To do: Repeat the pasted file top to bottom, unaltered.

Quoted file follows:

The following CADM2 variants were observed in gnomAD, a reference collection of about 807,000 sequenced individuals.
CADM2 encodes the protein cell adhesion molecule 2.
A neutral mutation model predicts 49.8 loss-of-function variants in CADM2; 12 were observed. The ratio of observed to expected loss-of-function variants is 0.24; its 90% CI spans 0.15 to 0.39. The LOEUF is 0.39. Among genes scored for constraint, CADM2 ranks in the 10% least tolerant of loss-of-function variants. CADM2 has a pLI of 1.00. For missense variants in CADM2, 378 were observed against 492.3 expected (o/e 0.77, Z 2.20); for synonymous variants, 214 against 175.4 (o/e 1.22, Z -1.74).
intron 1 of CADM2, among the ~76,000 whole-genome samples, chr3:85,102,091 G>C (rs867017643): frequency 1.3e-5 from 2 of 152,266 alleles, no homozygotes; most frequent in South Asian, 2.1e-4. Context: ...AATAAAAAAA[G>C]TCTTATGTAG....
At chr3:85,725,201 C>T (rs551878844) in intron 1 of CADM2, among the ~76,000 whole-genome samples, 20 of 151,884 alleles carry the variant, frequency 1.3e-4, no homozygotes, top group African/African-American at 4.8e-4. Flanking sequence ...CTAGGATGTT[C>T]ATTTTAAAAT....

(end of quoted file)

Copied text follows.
The following CADM2 variants were observed in gnomAD, a reference collection of about 807,000 sequenced individuals.
CADM2 encodes the protein cell adhesion molecule 2.
A neutral mutation model predicts 49.8 loss-of-function variants in CADM2; 12 were observed. The ratio of observed to expected loss-of-function variants is 0.24; its 90% CI spans 0.15 to 0.39. The LOEUF is 0.39. Among genes scored for constraint, CADM2 ranks in the 10% least tolerant of loss-of-function variants. CADM2 has a pLI of 1.00. For missense variants in CADM2, 378 were observed against 492.3 expected (o/e 0.77, Z 2.20); for synonymous variants, 214 against 175.4 (o/e 1.22, Z -1.74).
intron 1 of CADM2, among the ~76,000 whole-genome samples, chr3:85,102,091 G>C (rs867017643): frequency 1.3e-5 from 2 of 152,266 alleles, no homozygotes; most frequent in South Asian, 2.1e-4. Context: ...AATAAAAAAA[G>C]TCTTATGTAG....
At chr3:85,725,201 C>T (rs551878844) in intron 1 of CADM2, among the ~76,000 whole-genome samples, 20 of 151,884 alleles carry the variant, frequency 1.3e-4, no homozygotes, top group African/African-American at 4.8e-4. Flanking sequence ...CTAGGATGTT[C>T]ATTTTAAAAT....